These are the most common reasons for a character to fall: - failure to make a Dexterity check - being forced off a ledge from a collision - equipment failure (see Climbing)
Rate of Falling
A round lasts twelve seconds. Since the rate of acceleration under Earth-like gravity is 32 feet per second, per second, an individual can fall as far as 2496 feet in one round: 32 feet the first second, 64 more feet the second second (for a sum of 96), 96 more feet the third second (for a sum of 192), and so on.
Of special interest is the two-second mark, at which point the character has fallen 96 feet, nearly a round 100 feet. Since a round is twelve seconds, such a fall would consume 1 AP (as fractional AP are always discounted.) In the unlikely scenario that a character is not stunned, knocked unconscious, or simply killed by such a fall, they will thus be able to act as normal with 1 AP less.
Base Falling Damage
The base falling damage is simply 1d6 per 10 feet fallen. Base falling damage is used when all of these are true:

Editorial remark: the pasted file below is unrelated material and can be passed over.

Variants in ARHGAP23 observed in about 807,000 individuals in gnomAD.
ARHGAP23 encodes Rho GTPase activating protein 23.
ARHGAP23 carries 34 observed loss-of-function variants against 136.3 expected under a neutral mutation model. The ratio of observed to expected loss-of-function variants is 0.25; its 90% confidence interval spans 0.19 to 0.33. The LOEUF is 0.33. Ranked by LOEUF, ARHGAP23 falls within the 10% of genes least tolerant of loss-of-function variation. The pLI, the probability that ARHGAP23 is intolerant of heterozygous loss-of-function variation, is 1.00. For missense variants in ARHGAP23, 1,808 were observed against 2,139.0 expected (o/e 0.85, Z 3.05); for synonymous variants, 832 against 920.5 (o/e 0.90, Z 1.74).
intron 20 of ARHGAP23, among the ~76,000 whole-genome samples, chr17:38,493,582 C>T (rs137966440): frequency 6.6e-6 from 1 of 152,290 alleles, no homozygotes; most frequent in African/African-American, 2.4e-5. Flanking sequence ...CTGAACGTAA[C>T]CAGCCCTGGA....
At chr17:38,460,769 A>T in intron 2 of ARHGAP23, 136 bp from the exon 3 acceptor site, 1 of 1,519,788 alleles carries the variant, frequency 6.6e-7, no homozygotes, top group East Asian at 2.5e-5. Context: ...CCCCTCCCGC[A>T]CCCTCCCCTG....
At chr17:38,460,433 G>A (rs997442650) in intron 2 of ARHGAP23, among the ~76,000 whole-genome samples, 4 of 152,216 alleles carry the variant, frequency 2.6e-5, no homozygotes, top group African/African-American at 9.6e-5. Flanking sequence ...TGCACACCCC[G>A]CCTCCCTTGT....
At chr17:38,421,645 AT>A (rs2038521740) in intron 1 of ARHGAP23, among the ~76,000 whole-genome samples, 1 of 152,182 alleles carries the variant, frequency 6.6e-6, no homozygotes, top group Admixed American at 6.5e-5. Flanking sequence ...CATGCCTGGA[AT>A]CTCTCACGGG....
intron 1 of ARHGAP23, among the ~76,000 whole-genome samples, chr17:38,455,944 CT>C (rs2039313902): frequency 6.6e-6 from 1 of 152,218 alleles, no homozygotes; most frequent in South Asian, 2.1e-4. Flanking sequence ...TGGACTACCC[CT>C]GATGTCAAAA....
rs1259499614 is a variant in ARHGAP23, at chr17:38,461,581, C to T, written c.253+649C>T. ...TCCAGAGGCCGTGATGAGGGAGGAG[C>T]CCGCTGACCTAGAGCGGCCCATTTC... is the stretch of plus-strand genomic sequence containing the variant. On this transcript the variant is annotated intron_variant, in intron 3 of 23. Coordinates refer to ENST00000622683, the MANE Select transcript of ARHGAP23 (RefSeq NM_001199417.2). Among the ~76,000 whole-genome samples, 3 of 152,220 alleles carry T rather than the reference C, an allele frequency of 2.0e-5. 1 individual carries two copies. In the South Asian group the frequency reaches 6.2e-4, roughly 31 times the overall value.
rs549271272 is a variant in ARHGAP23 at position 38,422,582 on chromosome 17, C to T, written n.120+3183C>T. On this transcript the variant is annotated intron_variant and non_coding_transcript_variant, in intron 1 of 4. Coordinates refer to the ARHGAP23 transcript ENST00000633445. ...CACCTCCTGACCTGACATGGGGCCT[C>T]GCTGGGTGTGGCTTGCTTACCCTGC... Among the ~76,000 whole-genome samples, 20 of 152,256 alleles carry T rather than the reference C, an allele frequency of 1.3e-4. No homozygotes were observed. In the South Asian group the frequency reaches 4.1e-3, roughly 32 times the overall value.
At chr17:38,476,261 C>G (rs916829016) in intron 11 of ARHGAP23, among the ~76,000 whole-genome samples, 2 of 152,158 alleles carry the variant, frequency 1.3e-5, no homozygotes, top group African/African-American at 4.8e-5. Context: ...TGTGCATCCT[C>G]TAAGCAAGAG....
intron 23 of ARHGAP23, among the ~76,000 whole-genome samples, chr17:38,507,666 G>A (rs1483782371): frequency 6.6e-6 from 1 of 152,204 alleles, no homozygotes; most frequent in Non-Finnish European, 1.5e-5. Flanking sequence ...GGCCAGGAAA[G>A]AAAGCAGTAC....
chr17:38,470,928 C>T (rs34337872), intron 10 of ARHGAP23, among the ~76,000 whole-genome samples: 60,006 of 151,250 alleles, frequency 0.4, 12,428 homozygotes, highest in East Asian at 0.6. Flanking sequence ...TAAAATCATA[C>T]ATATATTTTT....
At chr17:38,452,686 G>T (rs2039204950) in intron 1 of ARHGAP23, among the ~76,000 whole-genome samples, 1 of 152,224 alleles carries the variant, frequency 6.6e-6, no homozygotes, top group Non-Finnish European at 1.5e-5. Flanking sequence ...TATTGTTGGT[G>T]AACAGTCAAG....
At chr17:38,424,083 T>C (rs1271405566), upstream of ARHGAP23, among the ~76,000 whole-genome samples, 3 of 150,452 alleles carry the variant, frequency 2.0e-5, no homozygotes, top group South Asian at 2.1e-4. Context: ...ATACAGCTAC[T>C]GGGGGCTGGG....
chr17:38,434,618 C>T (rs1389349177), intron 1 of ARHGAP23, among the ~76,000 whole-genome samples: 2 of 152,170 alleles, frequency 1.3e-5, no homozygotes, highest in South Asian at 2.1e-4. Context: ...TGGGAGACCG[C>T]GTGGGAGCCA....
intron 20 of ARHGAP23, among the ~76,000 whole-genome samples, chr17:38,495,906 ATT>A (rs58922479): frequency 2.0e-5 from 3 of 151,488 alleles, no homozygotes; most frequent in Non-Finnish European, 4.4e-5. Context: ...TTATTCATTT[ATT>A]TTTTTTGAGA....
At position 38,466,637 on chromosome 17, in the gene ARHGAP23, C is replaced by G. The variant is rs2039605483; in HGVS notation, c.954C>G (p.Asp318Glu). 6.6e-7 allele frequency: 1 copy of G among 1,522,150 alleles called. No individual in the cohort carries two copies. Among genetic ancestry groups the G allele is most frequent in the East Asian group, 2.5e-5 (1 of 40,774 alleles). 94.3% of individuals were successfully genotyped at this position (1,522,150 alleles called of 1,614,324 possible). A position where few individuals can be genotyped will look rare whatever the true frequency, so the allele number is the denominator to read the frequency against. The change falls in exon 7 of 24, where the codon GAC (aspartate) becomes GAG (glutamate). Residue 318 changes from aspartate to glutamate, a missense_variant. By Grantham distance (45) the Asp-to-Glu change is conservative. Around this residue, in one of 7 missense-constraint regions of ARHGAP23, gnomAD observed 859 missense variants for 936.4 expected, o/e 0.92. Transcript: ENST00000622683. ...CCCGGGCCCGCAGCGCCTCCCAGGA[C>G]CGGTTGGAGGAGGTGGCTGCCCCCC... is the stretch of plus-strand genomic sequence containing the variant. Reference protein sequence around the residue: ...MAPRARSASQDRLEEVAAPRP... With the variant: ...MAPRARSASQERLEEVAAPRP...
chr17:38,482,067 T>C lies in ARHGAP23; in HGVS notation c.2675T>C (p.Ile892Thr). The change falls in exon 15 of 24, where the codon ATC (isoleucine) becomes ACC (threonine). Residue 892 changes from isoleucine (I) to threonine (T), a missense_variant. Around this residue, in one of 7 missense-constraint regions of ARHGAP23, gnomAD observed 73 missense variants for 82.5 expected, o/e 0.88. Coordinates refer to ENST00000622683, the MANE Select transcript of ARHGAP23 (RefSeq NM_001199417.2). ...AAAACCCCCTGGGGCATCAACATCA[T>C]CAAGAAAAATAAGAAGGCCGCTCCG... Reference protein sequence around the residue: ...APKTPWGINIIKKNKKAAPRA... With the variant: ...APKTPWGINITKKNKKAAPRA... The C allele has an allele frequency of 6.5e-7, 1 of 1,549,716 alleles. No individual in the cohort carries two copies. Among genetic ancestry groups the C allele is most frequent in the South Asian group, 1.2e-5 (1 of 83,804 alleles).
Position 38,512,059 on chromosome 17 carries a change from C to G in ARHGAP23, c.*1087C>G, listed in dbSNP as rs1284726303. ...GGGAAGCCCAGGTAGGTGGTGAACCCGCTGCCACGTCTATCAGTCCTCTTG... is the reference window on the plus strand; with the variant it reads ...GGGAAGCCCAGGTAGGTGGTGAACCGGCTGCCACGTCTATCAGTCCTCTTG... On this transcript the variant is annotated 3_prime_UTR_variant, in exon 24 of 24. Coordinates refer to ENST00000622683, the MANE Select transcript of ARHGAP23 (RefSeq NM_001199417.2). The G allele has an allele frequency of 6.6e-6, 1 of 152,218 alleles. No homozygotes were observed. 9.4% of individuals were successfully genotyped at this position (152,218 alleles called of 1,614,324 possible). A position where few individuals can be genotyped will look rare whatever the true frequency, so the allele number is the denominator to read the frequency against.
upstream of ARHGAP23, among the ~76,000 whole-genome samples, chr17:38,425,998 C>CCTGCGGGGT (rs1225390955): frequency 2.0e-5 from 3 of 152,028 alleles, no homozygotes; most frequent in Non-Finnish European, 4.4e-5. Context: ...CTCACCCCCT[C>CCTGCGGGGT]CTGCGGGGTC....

- the character’s fall is not arrested in any way
- the surface upon which the character falls is sloped less than 45 degrees
- the surface is earth or wood, rather than stone
- the surface is clear, and not covered in rocks or plants
Modifiers which Decrease Damage
If the surface fallen upon has a slope of 45 degrees or greater, then the fall is treated as 10 feet shorter in length.
If the surface onto which the character falls is soft and yielding, such as muck, mud, hay, or shrubs, then roll d4s instead of d6s.
Falls into water are treated as falling onto a slope of more than 45 degrees.
Modifiers which Increase Damage
For each of the following which is true, increase the die size by one step. Thus a fall through trees onto a stone face would use d10s for damage.
- the surface is a stone face
- there are trees growing on the surface
- the surface is covered in rocks, ridges, or other hazards
Making a Deliberate Jump
If a character deliberately jump from a high place, then the character receives a Dexterity check. Success means removing 1 die from the damage pool, and the chance to make another Dexterity check. This continues until one of the checks fails; a character can potentially avoid much or all of the damage in this way. Take note that characters cannot choose to deliberately jump if they have already been forced into a situation that means potentially falling.